U.S. Immigration Law provides for what is called “Expeditious Naturalization" for some spouses of U.S. citizens who are working overseas. In this case “expeditious" means that the spouse of a qualifying U.S. citizen does not have to live inside the United States for any particular period of time, as long as they have been granted Lawful Permanent Residence (a green card) at some point. This can be a very useful benefit, helping keep families together and facilitating travel, relocation and eventual re-integration into the U.S. after the conclusion of the overseas assignment.
To qualify for expedited naturalization, the foreign spouse must:
· Be a lawful permanent resident (green card holder)
· Be able to meet all of the standard requirements for Naturalization except for residence or physical presence
· Be married to a U.S. citizen, and living together in “marital union"
· Be prepared to come to the U.S. for the Naturalization interview and swearing-in
· Be committed to returning to your spouse’s overseas location within 45 days of the naturalization, and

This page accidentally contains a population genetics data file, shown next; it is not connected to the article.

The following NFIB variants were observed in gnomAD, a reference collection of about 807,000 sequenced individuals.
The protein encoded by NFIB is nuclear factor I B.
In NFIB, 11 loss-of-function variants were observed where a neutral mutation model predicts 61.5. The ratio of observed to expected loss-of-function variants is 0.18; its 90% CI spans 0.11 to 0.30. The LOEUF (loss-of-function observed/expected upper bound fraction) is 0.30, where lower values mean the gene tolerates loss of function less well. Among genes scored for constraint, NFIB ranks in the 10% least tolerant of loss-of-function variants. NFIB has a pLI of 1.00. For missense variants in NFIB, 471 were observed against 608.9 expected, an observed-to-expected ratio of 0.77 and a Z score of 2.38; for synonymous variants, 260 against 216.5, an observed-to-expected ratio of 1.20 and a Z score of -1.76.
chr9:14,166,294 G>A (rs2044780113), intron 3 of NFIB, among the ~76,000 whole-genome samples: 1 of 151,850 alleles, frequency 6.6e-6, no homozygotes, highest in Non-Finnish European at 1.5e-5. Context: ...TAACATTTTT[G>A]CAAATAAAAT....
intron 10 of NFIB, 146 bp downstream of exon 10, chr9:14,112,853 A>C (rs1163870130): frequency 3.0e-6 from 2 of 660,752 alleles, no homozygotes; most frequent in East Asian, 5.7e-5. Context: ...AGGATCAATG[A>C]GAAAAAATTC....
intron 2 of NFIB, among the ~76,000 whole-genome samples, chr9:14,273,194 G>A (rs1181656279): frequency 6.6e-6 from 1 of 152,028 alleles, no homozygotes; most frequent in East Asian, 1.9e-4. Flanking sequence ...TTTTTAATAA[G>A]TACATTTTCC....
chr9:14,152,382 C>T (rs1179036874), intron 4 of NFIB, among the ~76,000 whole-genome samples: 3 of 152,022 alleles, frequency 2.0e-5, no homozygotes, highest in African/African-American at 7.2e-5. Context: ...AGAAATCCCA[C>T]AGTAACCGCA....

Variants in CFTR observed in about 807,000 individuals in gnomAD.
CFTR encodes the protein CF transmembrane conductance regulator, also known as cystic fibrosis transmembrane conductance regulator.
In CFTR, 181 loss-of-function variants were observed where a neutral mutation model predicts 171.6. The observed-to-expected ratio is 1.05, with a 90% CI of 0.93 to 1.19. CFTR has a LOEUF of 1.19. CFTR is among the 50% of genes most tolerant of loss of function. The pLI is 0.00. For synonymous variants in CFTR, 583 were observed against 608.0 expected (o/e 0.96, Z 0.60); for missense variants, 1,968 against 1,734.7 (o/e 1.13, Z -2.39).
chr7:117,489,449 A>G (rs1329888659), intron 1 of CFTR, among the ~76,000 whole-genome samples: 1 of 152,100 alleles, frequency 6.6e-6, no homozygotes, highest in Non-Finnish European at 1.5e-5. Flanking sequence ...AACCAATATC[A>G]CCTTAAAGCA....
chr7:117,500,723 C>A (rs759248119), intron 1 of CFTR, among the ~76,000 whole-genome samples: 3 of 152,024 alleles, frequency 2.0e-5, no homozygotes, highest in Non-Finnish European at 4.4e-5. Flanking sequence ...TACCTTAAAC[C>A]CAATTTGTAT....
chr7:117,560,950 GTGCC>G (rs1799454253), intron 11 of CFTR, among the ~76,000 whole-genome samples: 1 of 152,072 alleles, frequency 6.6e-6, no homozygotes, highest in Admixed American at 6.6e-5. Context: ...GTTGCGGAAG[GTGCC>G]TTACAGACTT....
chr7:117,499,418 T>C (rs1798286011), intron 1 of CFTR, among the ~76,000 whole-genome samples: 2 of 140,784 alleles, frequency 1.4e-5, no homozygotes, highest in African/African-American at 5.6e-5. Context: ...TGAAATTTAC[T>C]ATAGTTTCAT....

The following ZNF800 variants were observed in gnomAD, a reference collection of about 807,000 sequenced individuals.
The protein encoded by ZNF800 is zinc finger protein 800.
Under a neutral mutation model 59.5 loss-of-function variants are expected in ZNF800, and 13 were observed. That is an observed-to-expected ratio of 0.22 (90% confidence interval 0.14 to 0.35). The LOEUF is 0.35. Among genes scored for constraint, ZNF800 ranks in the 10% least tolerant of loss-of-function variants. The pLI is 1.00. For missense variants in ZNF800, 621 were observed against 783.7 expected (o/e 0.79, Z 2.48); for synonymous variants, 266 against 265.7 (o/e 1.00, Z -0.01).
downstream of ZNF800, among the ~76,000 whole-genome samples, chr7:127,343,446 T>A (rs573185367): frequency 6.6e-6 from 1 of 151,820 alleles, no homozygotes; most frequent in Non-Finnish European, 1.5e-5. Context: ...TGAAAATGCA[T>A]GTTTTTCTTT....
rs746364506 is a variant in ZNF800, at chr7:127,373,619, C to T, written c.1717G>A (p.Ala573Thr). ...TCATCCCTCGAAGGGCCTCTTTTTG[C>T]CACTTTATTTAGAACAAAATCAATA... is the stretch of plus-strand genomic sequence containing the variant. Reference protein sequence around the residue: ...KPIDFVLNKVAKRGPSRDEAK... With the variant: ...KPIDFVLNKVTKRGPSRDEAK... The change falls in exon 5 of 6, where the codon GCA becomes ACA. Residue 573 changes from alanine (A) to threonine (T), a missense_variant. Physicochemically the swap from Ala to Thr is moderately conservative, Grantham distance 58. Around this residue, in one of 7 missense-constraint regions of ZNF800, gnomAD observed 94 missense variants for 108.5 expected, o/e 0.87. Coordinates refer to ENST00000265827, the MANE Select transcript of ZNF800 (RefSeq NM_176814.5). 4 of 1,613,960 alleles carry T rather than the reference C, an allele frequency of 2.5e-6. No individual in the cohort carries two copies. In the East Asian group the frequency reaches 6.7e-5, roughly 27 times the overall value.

· Be committed to returning to the U.S. to reside after the U.S. spouse’s overseas assignment is completed.
The U.S. citizen spouse must be “regularly stationed abroad" as:
· A U.S. government employee, including U.S. military, or
· An employee of a U.S. institution of research, or
· An employee of an American company engaged in foreign trade or commerce, or
· An employee of a Public International Organization in which the U.S. is a participating state, or
· A minister, priest or missionary working in a bona fide religious organization.
Note that the citizenship applicant must be inside the United States for the interview and swearing-in ceremony. This typically involves specifying in the application process which USCIS District Office you wish to handle the case, and then coordinating the timing so that a stateside visit can be arranged for the time of the interview. Only a few USCIS District Offices offer same-day swearing-in ceremonies, so the choice of location is important for logistical reasons. In addition, because the 319(b) process is somewhat uncommon, some offices may not be experienced in the procedure.
Historically, the immigration service would channel 319(b) applications by region, with the Honolulu, Hawaii District Office handling applications from the Asia-Pacific, Newark, New Jersey for Europe and Africa, and San Juan, Puerto Rico for Latin America. 319(b) applications from Foreign Service Officers and other Department of State employees are channeled to the Fairfax, Virginia District Office. Other locations may be equally good, but these District Offices still maintain trained officers and coordination capabilities to efficiently process a 319(b) application.